Cine Outsider header
Left hand bar Home button Disc reviw button Film reviews button Articles button Blogs button Interviews button Right bar
Friendship's Death
Peter Wollen was a prominent film theorist. FRIENDSHIP'S DEATH was his only solo film as writer and director, with an early lead role for Tilda Swinton as an extra-terrestrial robot in conversation with Bill Paterson’s journalist in a Middle Eastern war zone. Gary Couzens listens in.

Amman, Jordan, September 1971 – “Black September”, the conflict between Yasser Arafat’s Palestine Liberation Organisation (PLO) and King Hussein’s Jordanian Armed Forces. Sullivan (Bill Paterson) is a journalist, a veteran of several war zones. He meets a young woman (Tilda Swinton) who says that she is not human, but an extraterrestrial from Procyon, a robot sent by sentient artificial intelligences to Earth as a peace envoy. She was intended to arrive at MIT in the USA and then to speak to the United Nations, but has instead arrived in the war-torn Middle East. She goes by the name of Friendship. Over the next few days, she and Sullivan talk, discuss and debate, she wanting to find out why the human race is so bent on self-destruction...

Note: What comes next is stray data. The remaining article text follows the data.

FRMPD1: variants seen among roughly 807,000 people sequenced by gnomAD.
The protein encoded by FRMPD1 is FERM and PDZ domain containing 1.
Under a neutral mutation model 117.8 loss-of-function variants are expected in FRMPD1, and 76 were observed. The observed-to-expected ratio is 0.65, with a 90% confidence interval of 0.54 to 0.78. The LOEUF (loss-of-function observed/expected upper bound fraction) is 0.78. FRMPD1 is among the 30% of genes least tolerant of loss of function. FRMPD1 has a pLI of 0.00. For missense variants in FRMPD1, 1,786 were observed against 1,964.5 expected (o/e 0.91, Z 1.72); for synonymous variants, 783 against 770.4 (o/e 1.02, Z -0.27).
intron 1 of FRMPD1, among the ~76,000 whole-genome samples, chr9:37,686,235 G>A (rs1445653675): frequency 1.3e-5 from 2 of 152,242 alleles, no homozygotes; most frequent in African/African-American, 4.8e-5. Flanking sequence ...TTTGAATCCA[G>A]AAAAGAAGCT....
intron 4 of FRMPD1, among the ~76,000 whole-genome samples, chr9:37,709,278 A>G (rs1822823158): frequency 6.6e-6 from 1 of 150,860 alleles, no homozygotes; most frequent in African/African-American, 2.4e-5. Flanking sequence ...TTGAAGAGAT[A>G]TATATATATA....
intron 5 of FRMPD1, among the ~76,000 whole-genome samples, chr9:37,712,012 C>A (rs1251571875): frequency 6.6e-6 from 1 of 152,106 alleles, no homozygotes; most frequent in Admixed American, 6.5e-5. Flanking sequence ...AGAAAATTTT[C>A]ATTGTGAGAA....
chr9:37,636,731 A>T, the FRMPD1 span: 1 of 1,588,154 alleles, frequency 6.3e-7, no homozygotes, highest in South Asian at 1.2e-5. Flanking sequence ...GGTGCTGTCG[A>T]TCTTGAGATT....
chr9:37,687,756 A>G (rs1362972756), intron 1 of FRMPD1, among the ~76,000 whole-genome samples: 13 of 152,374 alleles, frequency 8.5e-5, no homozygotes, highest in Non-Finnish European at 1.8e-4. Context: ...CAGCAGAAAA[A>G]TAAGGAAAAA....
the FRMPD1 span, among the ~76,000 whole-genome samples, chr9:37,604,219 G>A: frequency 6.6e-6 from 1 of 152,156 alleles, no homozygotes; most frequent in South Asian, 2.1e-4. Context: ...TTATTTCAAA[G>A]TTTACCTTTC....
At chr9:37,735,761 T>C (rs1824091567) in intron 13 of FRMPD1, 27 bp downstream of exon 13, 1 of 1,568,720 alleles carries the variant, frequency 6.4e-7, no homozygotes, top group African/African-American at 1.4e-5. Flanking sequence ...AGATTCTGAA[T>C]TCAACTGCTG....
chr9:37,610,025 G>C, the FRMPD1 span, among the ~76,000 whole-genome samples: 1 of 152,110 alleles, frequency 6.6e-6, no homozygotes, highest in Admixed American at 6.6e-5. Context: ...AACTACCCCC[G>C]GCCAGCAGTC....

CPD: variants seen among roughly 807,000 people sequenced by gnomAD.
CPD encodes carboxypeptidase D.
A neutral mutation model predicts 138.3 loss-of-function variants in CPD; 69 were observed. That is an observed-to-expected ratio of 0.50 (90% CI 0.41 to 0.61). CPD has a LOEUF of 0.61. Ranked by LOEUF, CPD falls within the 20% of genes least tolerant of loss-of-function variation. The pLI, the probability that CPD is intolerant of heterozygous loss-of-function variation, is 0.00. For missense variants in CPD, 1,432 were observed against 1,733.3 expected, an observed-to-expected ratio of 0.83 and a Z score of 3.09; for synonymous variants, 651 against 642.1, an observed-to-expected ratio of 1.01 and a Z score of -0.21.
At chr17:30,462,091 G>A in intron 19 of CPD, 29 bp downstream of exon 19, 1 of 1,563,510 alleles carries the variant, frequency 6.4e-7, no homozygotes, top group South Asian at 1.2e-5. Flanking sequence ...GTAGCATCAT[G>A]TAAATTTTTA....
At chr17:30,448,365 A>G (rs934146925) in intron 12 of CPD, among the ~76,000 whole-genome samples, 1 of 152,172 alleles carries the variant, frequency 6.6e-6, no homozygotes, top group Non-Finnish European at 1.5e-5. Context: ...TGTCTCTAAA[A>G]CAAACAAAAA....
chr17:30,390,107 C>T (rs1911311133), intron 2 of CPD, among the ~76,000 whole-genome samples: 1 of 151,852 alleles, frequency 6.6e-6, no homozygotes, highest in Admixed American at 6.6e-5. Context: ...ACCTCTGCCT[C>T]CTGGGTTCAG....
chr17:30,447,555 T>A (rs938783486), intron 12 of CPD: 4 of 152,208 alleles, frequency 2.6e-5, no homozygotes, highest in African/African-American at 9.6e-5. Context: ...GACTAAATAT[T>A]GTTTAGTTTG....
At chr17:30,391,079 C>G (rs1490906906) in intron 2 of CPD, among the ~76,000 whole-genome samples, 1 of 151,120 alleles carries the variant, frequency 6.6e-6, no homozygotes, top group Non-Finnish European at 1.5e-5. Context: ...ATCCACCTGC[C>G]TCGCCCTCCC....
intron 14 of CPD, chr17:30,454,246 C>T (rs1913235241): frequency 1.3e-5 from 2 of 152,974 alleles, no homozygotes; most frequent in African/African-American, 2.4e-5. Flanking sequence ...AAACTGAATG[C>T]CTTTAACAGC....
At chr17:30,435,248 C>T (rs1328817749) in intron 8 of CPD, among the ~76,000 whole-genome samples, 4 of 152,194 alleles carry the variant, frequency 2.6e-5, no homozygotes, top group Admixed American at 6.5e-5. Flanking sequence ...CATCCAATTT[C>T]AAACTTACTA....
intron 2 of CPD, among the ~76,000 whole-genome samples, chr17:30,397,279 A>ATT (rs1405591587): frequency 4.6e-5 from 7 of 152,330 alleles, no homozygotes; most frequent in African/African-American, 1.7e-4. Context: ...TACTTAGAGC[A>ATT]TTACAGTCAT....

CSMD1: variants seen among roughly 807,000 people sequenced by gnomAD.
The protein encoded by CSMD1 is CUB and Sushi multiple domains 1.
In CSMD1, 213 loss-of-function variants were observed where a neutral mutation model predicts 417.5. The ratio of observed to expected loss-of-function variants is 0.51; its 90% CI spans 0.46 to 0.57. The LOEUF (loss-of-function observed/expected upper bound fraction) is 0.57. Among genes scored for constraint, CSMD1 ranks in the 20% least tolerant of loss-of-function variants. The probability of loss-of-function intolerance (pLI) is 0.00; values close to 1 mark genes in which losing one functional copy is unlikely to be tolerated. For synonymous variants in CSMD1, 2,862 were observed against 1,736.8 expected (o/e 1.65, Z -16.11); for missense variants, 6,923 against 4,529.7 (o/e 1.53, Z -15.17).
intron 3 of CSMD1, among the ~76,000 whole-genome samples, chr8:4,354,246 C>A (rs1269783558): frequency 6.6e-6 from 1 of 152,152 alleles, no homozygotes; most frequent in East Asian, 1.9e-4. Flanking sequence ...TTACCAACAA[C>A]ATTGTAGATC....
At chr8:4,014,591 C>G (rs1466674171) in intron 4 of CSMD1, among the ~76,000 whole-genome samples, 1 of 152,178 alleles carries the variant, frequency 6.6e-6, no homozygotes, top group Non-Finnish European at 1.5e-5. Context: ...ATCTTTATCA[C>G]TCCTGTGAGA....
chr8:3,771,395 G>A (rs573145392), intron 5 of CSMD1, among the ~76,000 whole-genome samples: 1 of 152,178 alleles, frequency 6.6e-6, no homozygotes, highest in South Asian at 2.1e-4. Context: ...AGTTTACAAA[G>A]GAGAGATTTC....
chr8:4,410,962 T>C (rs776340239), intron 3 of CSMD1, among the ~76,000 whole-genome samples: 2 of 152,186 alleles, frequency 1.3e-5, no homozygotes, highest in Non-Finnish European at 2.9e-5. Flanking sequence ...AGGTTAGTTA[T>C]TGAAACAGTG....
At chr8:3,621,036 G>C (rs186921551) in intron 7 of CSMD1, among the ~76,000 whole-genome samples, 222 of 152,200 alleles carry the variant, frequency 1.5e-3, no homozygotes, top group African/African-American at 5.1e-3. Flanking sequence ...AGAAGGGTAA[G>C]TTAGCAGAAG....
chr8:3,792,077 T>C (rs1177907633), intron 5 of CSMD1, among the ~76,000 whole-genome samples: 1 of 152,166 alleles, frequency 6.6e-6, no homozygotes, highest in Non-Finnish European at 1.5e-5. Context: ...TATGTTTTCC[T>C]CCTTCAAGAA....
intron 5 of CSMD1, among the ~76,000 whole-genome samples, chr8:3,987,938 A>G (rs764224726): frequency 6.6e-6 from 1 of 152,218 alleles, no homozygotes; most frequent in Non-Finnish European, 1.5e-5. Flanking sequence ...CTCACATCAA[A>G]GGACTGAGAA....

Science fiction is a literature of ideas, and in the idea or premise that takes it away from realist or mimetic fiction (the novum, to use a word from critical parlance) often outweighs the other demands of fiction, such as plot or characterisation, writing style. Friendship’s Death is such a film, powered by debate between its two lead characters, that debate being the film’s plot. It’s unknown how much Peter Wollen (1938-2019) was aware of the genre, cinematic or written, though he wasn’t too far away from the point where the genre overlapped with literary fiction. Friendship’s Death began as a short story published in 1976 in Bananas, a literary magazine that ran from 1975 to 1981 and was founded by Emma Tennant, a writer not above using SF devices in her own work and who had been published in New Worlds, the UK’s leading SF genre magazine, later anthology series, of the time. J.G. Ballard was a contributing editor of Bananas and another well-known story published there was Angela Carter’s “The Company of Wolves”, the basis of the 1984 film directed by Neil Jordan. In the short story “Friendship’s Death”, Friendship is male, but Wollen changed that for the film.

Tilda Swinton and Bill Paterson in Friendship's Death